Black uniformity in IPS 4K TVs also suffers heavily due to the design of IPS pixel arrays. Because their pixels bleed more light in general, small variations in light bleed or LED backlight brightness are much more easily visible, creating cloudy effects when a display is set to deliver complete blackness.
Our Verdict: VA panel technology is an absolute winner at delivering superior black levels and black uniformity.
The answer to which display panel type wins at this comparison should be obvious. Given the far superior black levels of Vertical Alignment technology, contrast ratios in VA panel TVs are dramatically superior to those of IPS models unless high quality local dimming is taken into consideration. The difference is enormous too. While a typical VA 4K TV model can manage native contrast ratios of 3500:1 at the very least, and in many cases deliver contrast ratios of 6000:1 or better, we have yet to see an IPS 4K TV handle contrast ratios that go beyond 1400:1. For most IPS 4K TVs such as the majority of LG’s LCD models, contrast is actually even weaker than this, in some cases sitting at 850:1 or even lower. This is to be expected of IPS but it’s not a good spec for quality picture performance.
VA contrast vs IPS contrast on right in a darkened room
Our Verdict: VA is the winner at contrast by a huge margin.
When it comes to both SDR 4K TVs and HDR models with wide color gamut and 10-bit color, the raw color volume differences between IPS models and VA models are almost null. In other words, all HDR wide color specs being equal, the two different display panel types perform about the same at delivering high dynamic range color, 10-bit color for 1.07 billion color values and overall color saturation. LG’s Super UHD 4K HDR TVs such as the UH9500 and UH8500are two particularly notable IPS TV models with superb color performance despite their weak contrast ratios and black levels compared to a typical mid-range VA HDR TV with the same HDR color specs.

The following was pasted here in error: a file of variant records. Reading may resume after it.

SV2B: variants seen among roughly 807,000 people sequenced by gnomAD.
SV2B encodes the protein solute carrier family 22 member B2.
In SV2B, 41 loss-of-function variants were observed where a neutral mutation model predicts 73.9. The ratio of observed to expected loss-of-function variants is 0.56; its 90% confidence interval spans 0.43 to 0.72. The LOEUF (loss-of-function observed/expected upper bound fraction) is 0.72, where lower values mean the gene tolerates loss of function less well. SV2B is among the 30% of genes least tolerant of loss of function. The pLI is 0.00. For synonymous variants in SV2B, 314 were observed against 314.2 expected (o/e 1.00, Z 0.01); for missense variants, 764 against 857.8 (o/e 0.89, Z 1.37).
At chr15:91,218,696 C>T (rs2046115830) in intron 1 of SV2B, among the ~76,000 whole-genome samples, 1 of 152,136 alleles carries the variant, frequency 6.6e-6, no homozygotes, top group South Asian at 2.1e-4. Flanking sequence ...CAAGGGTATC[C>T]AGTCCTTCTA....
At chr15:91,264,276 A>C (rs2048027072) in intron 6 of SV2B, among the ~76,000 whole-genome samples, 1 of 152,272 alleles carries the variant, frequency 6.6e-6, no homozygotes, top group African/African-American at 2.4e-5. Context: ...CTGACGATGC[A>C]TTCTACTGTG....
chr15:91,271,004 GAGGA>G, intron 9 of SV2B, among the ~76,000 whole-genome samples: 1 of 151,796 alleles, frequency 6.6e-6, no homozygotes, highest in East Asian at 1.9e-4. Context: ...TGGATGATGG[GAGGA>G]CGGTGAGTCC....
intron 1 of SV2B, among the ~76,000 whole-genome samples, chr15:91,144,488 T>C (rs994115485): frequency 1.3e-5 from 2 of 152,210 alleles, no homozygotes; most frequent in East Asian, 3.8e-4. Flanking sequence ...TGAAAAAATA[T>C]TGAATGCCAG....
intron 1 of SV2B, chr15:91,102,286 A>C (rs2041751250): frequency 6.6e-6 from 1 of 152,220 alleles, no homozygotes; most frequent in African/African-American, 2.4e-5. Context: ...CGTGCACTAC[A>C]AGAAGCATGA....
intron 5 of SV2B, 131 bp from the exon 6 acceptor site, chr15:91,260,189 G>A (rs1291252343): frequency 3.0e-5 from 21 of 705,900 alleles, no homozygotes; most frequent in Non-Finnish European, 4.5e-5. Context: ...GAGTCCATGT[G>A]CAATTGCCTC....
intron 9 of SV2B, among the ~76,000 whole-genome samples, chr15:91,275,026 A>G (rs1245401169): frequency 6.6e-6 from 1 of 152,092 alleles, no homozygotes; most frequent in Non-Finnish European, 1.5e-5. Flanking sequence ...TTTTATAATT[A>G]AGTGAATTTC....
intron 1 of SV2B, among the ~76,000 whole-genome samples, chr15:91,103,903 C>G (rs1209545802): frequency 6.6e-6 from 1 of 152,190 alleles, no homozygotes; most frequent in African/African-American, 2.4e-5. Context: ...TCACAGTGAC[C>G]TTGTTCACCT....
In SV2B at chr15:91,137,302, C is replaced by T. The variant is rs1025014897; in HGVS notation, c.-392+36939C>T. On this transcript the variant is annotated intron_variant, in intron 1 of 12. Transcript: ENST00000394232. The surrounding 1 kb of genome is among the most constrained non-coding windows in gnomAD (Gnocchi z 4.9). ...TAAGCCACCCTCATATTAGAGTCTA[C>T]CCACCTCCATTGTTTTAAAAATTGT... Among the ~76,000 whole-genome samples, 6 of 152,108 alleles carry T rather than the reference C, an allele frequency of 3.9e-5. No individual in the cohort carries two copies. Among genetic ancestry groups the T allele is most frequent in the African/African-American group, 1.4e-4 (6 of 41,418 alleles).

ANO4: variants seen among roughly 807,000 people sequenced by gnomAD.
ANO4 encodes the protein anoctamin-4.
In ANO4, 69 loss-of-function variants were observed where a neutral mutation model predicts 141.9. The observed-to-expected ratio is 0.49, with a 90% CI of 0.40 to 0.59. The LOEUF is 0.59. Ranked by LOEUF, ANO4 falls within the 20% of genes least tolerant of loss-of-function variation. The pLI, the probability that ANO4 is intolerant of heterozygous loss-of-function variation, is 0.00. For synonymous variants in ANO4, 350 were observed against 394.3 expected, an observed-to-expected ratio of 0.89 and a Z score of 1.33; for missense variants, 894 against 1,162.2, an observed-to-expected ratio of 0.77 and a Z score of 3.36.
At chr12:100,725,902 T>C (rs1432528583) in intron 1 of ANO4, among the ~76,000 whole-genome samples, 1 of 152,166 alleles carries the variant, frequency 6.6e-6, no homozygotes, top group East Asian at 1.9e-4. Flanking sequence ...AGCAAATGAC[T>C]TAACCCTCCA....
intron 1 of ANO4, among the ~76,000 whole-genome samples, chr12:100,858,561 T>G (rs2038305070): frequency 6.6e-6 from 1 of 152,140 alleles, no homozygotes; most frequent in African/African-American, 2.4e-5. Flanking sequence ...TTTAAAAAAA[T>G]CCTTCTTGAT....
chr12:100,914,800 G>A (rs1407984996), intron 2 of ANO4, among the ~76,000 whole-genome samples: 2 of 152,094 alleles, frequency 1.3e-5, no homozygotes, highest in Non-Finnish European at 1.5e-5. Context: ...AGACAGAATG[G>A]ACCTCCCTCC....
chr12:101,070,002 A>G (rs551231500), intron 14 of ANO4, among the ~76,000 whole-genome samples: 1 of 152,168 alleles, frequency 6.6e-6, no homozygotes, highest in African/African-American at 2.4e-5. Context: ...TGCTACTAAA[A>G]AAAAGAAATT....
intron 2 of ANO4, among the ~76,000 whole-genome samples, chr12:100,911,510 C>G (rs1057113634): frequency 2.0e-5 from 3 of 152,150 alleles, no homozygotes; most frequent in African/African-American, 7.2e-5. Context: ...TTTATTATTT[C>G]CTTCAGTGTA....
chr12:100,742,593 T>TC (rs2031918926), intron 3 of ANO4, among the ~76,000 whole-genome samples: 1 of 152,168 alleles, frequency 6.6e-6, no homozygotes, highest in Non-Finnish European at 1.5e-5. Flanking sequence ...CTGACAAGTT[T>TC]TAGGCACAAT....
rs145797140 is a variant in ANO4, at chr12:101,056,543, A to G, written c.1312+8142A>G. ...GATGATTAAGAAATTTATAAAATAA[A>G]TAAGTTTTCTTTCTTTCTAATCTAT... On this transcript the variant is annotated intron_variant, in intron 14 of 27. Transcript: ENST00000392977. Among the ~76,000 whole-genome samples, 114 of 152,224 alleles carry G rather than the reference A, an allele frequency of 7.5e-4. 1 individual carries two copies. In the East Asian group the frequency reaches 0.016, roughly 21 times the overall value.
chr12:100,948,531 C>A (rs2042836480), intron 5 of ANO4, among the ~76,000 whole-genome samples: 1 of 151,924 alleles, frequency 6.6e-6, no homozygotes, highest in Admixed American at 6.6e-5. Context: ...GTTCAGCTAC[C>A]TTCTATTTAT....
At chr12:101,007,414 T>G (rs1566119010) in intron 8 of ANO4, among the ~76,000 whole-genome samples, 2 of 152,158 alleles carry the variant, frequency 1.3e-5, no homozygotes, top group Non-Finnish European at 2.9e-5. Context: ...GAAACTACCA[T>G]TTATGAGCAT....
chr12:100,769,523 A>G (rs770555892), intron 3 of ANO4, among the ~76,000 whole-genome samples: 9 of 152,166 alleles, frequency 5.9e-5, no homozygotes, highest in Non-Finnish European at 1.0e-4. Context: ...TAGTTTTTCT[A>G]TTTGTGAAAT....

However, black levels and contrast do create a visual perception of more vibrant colors due to how the human eye perceives contrasts. Thus, a VA TV with deeper, richer blacks can look like its delivering sharper, richer colors in content simply because the onscreen dark tones contrast so much more sharply with colorful objects in the same piece of content. This is something that viewers should keep in mind and a reason why black levels and high contrast are considered so important for a more realistic and vibrant level of picture quality.
Our Verdict: IPS and VA technically tie here based on review examinations we’ve done and actual raw color volume coverage comparisons. However, in terms of human visual perception, the higher contrast and richer blacks of VA will possibly make a viewer perceive higher color quality.
Other Display Characteristics and Motion Handling
So where do IPS 4K TVs really beat their VA counterparts? Well, two important factors stand out. First and foremost, IPS –due to its horizontal pixel alignment—delivers far better viewning angles than VA display. An average VA 4K TV display will lose a significant amount of its color accuracy and contrast quality at angles of more than 20 to 25 degrees from dead center, while an IPS TV can often continue to deliver excellent display quality even when viewed from well over 50 degrees off center. This means that if you have a big living room and some of your viewing areas are way off to the side of where your TV is going to be sitting, VA will mess up the quality of the viewing experience, while IPS will work as an excellent alternative.
Secondly, IPS TVs tend to consume less power than their VA cousins due to their tendency toward lower peak brightness levels. This does of course mean that your TV can’t push out the bright highlights as well as some VA rivals but if you’re worried about saving money in the long term with your light bill, IPS gives you a bit of an edge.
It’s worth noting here that motion handling in 4K TVs is not noticeably affected by whether your TV comes with IPS or VA panel technology. In our experience, TVs with great motion handling can come in IPS versions and VA versions while performing equally at managing motion blur, judder and other things like motion interpolation. A TV that’s bad at motion control won’t be bad at it because it’s either IPS or VA in other words.
Some would argue that neither IPS or VA display types are inherently superior to each other and while there is some validity to this claim due to the fact that both have uses in which one panel would be much more ideal than the other, we do think that VA is the overall better choice for most people who don’t have issues with accommodating wide viewing angles in their living room or den. Assuming you don’t need to view your 4K TV from well off center, a VA display simply delivers better performance at three of the most important display specs there are: Black level, contrast and black uniformity.
Story by 4k.com